Then I get stuck holding Men in Black 3 at the DVD vending machine in a Loaf ‘N Jug parking lot. That’s not a trial. Trials are what happened to Job. My situation is just an inconvenience. I just have to remember to drive to another Redbox location after work. Obviously, my faith is not being tested and there is no crown of life up for grabs (James 1:12), so I’m justified in reacting with slight anger. It’s not really even something big enough to pray about. It’s silly to pray about barely-significant things. It’s perfectly fine for me to walk away, be a little grumpy for a few minutes and resent the Redbox company for not monitoring their inventory better.


Well, the verse does say “when you meet trials of various kinds.” I suppose various kinds would include everything from Faith getting cancer to a full DVD kiosk. The severity is different, but my response should be the same: Recognize God’s sovereignty; pray about the situation and my own attitude towards it; consider it pure joy. I would probably need many months to move through this process for the cancer but only 15-20 seconds for the DVD. If big trials can draw me closer to Jesus in big ways, why can’t little trials draw me closer to Jesus in little ways?

(Side note: Sometimes, during a moderate difficulty I will pray for God to allow me to learn whatever lesson is needed, lest he has to bring a larger difficultly to do the job. Perhaps that means I have wimpy faith, but for now I’m calling it exceptional wisdom.)

We tend to think of trials as life-altering events (or at least week-altering events), but I would argue that a spiritually sensitive person experiences five to 10 trials nearly every day. Lately, I’ve been trying to recognize each of these for what they are and take advantage of the opportunity to build steadfastness, which in turn makes me “perfect and complete, lacking in nothing.”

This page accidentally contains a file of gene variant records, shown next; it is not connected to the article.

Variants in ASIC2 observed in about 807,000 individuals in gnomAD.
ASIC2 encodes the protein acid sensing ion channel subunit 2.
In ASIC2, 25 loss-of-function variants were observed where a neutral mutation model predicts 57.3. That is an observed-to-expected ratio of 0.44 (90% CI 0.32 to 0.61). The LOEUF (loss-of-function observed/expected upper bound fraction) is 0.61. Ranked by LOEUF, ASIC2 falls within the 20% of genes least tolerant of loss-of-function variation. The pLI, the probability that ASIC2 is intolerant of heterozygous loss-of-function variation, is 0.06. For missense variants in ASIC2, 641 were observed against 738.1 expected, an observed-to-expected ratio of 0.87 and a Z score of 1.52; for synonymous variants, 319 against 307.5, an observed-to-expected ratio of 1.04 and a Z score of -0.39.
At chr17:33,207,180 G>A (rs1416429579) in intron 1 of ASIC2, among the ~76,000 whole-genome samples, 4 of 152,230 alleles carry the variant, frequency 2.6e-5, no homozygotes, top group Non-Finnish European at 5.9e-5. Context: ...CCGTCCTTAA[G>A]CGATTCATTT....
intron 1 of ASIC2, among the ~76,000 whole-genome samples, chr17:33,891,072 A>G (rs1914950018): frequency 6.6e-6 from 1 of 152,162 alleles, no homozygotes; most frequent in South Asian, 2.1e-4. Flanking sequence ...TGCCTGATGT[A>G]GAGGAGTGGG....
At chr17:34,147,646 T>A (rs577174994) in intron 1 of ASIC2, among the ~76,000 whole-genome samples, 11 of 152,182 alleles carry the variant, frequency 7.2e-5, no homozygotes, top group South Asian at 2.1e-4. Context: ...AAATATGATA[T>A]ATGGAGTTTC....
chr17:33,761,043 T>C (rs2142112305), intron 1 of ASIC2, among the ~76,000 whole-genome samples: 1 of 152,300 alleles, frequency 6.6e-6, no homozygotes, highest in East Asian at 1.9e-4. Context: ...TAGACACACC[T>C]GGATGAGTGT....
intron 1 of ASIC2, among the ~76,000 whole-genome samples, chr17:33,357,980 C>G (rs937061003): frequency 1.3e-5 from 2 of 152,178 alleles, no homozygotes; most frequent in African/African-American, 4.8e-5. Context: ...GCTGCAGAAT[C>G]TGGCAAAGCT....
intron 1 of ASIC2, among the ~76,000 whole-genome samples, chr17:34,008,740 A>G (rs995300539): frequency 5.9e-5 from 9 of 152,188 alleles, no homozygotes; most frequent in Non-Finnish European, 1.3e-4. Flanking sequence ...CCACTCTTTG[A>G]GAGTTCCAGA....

So, Dear Reader of Summitview blogs, I will conclude with two action points:

1. If you ever notice me being grouchy because of some little thing, please gently remind me to let “steadfastness have its full effect.” (If I happen to be married to you, you might notice this happening a lot, so maybe you could consider a daily cap or something.)

2. Don’t wait for a meteor to explode your house to apply James 1:2-4. Count it all joy when you pull into the office parking lot and remember that your phone is back on your dresser…with your notes for today’s conference call. Let your steadfastness grow when your toddler disobeys by trying to pour her own orange juice…then loses her grip on the entire pitcher.

Then we will be lacking in nothing. What an amazing promise.

Travis Neidert is one of Summitview's three Benevolence deacons. You can learn more about our Benevolence ministry here.

Putting It All Together, Plus Vision for 2013: Answering Marvin the Martian, Part IV


On Sunday, January 13, Mitch Majeski’s sermon addressed the nature, function and characteristics of the global body of believers, the Christian Church. His message on January 20 detailed all the ways Summitview's vision fits inside the function and purpose of the church. We hope that this series of posts is a helpful refresher of who we are as Christ’s bride, and what our Savior is doing specifically in our context here in Fort Collins. Catch up on the earlier posts: Part I, Part II and Part III.

Answering Marvin the Martian has been a pleasant fiction. Building a definition for the Church from the ground up has a tendency to make things clearer. So what do we do with this clarity? How will we work together this year to strengthen Summitview Community Church to let it become all that God desires?

The answer to that question depends on the big red dot. You know, that dot on every good map that says, “You are here.” So, where are we? What strengths and opportunities can we leverage? What threatens our health and mission?

The Red Dot

We have much for which we can be thankful. God has graciously given Summitview a strong sense of unity and growing love of Jesus as our Head and sole delight. There are a growing number of mature, young aspiring leaders who are being equipped to set the pace for us for decades to come. And, financially, we remain steady with a slight increase in giving (approximately 4 percent) over the last year.